Friday, 16 December 2016
When I think about it, it has been years - decades - since we’ve seen Tom Hanks actually put his excellent acting talents into good use in a role that actually justifies their deployment. Well, that wait is over with Sully, the latest movie from director Clint Eastwood.
Hanks plays Sully, the pilot who managed IRL to emergency land his passenger jet on the Hudson River after taking off from New York’s La Guardia on a cold January 2009 morning and losing his engines to a flock of birds shortly afterwards. If landing on water doesn’t sound fantastic on its own, then do consider the fact that not only did none of the 155 people on that plane lose their lives, at worst they suffered minor injuries. I can go on and on about this miracle, but I will pause by stating that until Sully came along and made his point, I thought the whole pre takeoff speech about life vests under the seat was a total waste of everybody’s time.
Back to the movie. Sully takes place immediately after that miraculous landing, and its main event are the investigations taking place shortly after the rescue itself. While Sully was regarded as a hero by the public, the movie makes it appear as if he was considered a villain by aviation authorites who considered him a lucky villain. Sully, they claim in the movie, should and could have returned the plane to La Guardia, instead of gambling with people’s lives the way he did and creating hundreds of million dollar holes in the insurance company’s accounts.
Personally, I see that accusation part of the movie as its weakest link. I have no idea how authentic our movie is to the real life events; all I know is that the rescue photos I recall from the time look awfully identical to the movie’s recreation. (And yes, while the movie’s plot is all about the clearing of Sully’s name after the accident, you will see the accident itself - several times, from different angles - during the movie itself.) But it definitely does feel as if Sully’s accusers are unnaturally heavy handed in their accusations, unreasonable to say the least and criminally so to say more; surely those fellow pilots and professionals are better than that?
I can thus mostly conclude that, at least in this part of the movie, Eastwood is exposing us yet again to his darker side, the side we’ve seen before along an empty chair at that dreadful Republican Party Congress. I love Clint Eastwood and consider him a great director, definitely one of my favourites, but I have no idea what goes on in his head sometimes.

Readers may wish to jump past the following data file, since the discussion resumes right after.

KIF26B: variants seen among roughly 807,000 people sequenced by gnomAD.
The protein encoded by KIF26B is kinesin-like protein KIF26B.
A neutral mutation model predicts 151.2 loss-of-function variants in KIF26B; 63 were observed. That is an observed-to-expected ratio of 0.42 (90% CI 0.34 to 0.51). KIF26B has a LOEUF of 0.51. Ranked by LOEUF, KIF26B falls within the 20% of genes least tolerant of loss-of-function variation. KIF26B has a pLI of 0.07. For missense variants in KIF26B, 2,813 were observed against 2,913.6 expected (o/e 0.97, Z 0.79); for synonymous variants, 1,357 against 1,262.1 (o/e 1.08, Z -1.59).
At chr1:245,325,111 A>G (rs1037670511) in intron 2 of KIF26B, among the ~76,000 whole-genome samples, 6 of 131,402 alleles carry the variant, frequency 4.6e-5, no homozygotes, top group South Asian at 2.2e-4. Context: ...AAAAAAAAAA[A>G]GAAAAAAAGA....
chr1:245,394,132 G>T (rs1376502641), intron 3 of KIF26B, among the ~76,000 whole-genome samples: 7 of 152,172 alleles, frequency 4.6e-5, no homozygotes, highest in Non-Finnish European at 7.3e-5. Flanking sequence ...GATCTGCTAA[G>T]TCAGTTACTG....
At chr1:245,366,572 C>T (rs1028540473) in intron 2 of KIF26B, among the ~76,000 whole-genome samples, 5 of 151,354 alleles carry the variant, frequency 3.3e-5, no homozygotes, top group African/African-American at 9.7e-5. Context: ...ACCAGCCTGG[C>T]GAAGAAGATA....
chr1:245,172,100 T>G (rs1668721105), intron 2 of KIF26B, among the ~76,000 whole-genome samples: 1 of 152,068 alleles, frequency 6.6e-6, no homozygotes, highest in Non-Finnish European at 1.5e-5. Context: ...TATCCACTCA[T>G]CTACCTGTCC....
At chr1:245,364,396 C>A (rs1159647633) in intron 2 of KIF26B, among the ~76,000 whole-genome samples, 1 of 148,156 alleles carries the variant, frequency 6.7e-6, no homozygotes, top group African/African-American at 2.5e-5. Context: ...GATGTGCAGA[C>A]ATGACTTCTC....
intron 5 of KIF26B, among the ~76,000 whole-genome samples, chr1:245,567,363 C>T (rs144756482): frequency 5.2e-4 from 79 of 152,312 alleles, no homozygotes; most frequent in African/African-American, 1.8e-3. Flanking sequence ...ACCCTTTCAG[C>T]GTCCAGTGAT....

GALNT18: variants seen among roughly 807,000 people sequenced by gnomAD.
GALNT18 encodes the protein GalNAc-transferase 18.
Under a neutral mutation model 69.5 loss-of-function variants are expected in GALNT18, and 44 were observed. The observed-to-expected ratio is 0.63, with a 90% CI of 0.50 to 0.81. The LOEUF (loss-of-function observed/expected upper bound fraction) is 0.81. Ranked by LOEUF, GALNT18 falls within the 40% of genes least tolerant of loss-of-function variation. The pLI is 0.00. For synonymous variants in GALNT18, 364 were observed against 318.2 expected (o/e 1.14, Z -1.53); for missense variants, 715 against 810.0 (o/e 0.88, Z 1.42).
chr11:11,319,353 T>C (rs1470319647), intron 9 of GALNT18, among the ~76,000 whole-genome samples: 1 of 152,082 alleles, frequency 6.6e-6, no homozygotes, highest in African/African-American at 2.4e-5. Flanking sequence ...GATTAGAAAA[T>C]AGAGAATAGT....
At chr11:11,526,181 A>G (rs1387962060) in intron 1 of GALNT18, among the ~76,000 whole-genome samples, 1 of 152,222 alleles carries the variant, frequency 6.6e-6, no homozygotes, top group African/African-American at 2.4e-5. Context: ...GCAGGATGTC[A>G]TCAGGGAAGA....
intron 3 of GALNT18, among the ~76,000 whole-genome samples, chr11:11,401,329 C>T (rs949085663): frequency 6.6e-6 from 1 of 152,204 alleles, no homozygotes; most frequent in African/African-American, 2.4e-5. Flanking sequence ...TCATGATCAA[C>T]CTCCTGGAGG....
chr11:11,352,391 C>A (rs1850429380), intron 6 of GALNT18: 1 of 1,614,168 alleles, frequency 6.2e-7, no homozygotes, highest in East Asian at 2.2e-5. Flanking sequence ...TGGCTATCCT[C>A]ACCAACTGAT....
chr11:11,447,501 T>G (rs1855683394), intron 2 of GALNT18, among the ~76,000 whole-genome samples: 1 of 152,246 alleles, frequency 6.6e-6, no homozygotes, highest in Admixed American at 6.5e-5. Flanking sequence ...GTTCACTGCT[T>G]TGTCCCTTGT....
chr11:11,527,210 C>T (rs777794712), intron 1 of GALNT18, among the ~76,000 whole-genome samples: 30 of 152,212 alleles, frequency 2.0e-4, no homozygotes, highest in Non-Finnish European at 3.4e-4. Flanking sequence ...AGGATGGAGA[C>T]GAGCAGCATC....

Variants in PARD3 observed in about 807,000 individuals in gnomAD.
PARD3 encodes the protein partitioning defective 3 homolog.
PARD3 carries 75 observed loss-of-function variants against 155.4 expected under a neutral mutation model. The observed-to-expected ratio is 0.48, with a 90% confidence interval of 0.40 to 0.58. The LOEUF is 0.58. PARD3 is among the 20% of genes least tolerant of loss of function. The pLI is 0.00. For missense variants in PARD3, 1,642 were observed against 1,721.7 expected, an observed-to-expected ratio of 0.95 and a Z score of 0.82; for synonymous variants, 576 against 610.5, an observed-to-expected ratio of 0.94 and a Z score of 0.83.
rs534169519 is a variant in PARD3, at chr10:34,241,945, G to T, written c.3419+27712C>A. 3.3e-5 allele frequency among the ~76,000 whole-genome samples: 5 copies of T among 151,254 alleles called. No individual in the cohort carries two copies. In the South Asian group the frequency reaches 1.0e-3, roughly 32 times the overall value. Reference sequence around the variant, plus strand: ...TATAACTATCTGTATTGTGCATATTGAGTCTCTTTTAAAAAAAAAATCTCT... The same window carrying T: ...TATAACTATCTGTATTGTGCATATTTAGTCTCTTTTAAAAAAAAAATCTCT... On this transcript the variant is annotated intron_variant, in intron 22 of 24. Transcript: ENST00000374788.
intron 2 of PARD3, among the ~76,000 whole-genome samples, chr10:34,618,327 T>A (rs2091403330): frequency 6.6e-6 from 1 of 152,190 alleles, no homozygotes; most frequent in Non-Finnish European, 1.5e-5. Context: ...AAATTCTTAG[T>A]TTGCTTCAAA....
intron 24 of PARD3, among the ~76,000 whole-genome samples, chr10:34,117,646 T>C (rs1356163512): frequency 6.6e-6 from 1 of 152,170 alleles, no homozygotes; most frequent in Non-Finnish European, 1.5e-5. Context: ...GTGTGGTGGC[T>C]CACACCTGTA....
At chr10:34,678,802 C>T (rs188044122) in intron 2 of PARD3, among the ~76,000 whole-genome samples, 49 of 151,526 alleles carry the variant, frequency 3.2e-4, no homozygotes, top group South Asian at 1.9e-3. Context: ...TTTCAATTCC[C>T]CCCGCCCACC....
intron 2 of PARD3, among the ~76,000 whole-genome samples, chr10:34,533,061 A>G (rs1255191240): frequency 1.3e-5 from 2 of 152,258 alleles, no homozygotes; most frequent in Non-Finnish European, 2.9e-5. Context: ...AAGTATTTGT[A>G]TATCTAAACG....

It seems rather easy to offer speculations as to what it is that drove Eastwood to tarnish his film that badly. I suspect the matter is one of American politics, which further explains why it is that the movie feels so awkward to this non American. It looks like Eastwood is trying to suggest that under Obama’s USA, a hero is not allowed to be a hero anymore; the powers that be would quickly jump in to hammer that hero down. I do not know if that is really the case in today’s USA, but I do think that as much as I despise president elect Trump I do have to acknowledge that he fits into the picture because we had eight years of Obama before him. And it’s not like I’m in love with Obama, either. So I disagree with Eastwood but I will concede he is simply making the same mistake his fellow voters (and, for that matter, Brexit voters) have made: the establishment is going wrong, sure, but it’s not like the Republicans have offered us a way to sort things out. On the contrary, every indicator points at things taking a downturn.
Take that political factor off Sully, and you are still left with a great movie. A great movie because it is still a wonderful depiction of a person, a true professional, and his ability to deal with the worst that the natural world can throw at a person and still come up with the upper hand. In a world that tells us Terminator machines are about to rise and kill us all, or at least driverless cars are coming to take our jobs away, Hanks and Sully conspire to show us that there is still room and need left for people in this world. And Sully is indiscriminate is his act of saving lives, saving people regardless of race, creed of gender.
Further praise goes to Aaron Echhart portrayal of Sully’s copilot, Jeff Skiles. Speaking as someone who has been inside a passenger jet cockpit over several takeoffs and landings, the movie’s portrayal of those events looks and feels incredibly realistic. Also notable is the fact the actions taken by the pilots during the crisis, as portrayed in the movie, depict a picture of ultimate proficiency. Both were under the impression they are going to die, but both were as cool as in their attempts to turn the odds in their favour. Ultimately, it took unprecedented skill to land a jet on water; the fact this pilot did it has turned him, and justly so, from yet another professional pilot into a bone fide hero. Eastwood might have failed on his main attempt to land this movie, but the fact he still has an excellent tale on his hand and some excellent actors to depict it with saves the day, big time.
Consider this: How would life feel like to a passenger on board that plane, who, watching from their seat and seeing the river coming in as they were about to crash into it, feel afterwards? I know that I would have been sure this would be the end of my life. Yet everyone came off that plane. Wow!
Overall: Eastwood came very close to ruining this movie, but - by the fluke of having an awesome real life tale and awesome actors at his disposal - managed to still deliver the most memorable movie I have seen in a long while. 4.5 out of 5 crabs, with all credit going to the real life hero after whom this movie was named.